“And just like a knight in shining armour/I used my charm just to calm her”
The route from talent show winner to stardom is more established on his home island than in European pop music but Virgo is a natural inheritor of the tradition of smooth as silk, male reggae singers. An impressive catalogue of singles have establish a reputation as a slick but considerate heart-throb. As his hour and a half on stage, that includes at least 25 songs, demonstrates – again in the tradition of Jamaican singers – it’s also a catalogue deeper than three LPs, of which Lovesick is the latest.
Virgo, backed by the Unit band, enters the stage singing his signature Love Doctor and carries on in a similar style, after a quick nod to roots artist Buju Banton, racing through Taking You Home, where he sings of how he uses his “charm just to calm her”, and Everlasting Love to delight the Saturday, April 7 crowd in Grangetown.
But with songs such as Beat You Down, with its call to “no mek no man beat you down…better you leave the clown”, and Who Feels It Knows which is dedicated to “all the hard-working people…fi a work from six inna the morning straight up to midnight” and breakout single Can’t Sleep, Virgo has more depth than simple love songs.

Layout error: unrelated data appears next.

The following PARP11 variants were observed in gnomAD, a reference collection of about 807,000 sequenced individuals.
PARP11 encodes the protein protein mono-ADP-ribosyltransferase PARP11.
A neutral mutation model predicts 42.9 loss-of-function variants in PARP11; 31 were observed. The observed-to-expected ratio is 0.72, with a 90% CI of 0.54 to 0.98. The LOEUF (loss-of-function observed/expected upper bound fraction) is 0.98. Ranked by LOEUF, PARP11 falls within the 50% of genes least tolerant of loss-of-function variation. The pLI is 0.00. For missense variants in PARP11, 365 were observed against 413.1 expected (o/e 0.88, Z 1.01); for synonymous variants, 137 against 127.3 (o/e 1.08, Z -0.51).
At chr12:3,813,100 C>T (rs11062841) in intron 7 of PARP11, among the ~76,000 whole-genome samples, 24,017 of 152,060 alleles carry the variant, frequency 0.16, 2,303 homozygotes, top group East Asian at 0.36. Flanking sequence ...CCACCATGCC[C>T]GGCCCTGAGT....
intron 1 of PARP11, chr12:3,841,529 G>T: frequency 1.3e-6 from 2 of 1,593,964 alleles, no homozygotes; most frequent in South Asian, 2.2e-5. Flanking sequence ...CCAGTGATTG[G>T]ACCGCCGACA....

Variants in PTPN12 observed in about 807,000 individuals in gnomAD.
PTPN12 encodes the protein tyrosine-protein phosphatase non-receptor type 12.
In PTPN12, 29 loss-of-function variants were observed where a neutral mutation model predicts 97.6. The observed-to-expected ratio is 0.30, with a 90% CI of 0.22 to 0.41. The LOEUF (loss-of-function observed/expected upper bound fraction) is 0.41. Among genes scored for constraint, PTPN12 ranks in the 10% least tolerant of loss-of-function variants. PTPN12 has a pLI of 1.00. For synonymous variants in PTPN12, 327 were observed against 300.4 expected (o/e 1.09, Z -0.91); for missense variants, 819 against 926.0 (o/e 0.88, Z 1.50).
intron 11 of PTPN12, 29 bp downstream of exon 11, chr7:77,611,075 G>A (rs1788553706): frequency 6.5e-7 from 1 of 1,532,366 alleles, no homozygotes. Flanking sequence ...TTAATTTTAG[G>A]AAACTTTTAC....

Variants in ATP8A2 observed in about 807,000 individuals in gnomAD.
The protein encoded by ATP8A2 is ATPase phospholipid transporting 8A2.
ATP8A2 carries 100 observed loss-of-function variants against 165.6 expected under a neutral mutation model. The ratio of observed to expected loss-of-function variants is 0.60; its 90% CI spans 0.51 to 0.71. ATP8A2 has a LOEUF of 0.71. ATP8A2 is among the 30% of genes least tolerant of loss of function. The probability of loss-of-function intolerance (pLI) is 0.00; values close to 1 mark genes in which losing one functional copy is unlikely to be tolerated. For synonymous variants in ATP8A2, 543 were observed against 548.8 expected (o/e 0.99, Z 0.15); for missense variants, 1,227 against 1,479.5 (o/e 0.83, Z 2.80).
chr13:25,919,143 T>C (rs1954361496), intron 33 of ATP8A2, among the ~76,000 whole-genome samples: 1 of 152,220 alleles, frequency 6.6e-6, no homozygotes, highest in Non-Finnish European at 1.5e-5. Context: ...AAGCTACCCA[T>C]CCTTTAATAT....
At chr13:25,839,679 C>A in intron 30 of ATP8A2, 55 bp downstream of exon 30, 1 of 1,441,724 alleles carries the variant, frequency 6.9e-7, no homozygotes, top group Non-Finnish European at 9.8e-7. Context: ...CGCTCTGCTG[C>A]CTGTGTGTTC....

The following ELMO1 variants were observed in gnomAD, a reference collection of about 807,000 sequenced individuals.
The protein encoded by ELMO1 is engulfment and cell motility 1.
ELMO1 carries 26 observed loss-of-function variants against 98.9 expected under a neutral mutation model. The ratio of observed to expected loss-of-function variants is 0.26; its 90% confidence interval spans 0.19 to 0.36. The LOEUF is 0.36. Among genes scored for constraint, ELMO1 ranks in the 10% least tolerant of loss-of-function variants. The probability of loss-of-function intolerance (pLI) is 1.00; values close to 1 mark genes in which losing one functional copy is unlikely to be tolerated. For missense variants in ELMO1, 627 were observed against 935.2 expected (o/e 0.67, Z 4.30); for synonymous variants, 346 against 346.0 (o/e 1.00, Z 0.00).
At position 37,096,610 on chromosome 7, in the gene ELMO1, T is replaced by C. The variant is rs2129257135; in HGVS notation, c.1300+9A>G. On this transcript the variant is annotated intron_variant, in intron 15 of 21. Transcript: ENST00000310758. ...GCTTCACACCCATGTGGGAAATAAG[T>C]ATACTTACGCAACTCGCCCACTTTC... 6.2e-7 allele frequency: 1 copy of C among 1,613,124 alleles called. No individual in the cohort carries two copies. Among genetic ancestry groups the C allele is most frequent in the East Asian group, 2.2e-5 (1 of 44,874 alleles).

Another tradition Virgo upholds is the adoption of contemporary pop hits as reggae classics. Tonight he is briefly joined by support artist Sevana for his take on Sam Smith’s Stay With Me and the set obviously includes his take on blue-eyed soul boy Michael Bolton’s Soul Provider and Adele’s Don’t You Remember, which he makes “his own” in a way that TV talent show contestants are always told to do.
From the Lovesick album Virgo performs Work It Out, the title track and Trouble which leads into a powerful performance of the Gregory Isaacs reggae classic Night Nurse.
The Unit Band and Virgo also veered off into Toots and the Maytals’ 54-46 Was My Number and when the singer conducts two sides of the crowd and his band to sing Dancing in Love it sounds more like a choir than a Saturday night call and response.
The crowd had been eased into the show by up-and-coming Jamaican singer Savana whose mostly down tempo set steadily built the crowd in front of the stage with an audience that clearly warmed to her. Earlier Cardiff’s own rising reggae star Aleighcia Scott opened the stage show with some dancehall favourites after the city’s Love & Harmony Sounds set the scene. Seanie B from BBC Radio 1 Xtra handled compere duties and was clearly excited to introduce two talented female singers he confidently predicted will enjoy bright futures.
Photo courtesy of Donna-Marie Phillips-Sibanda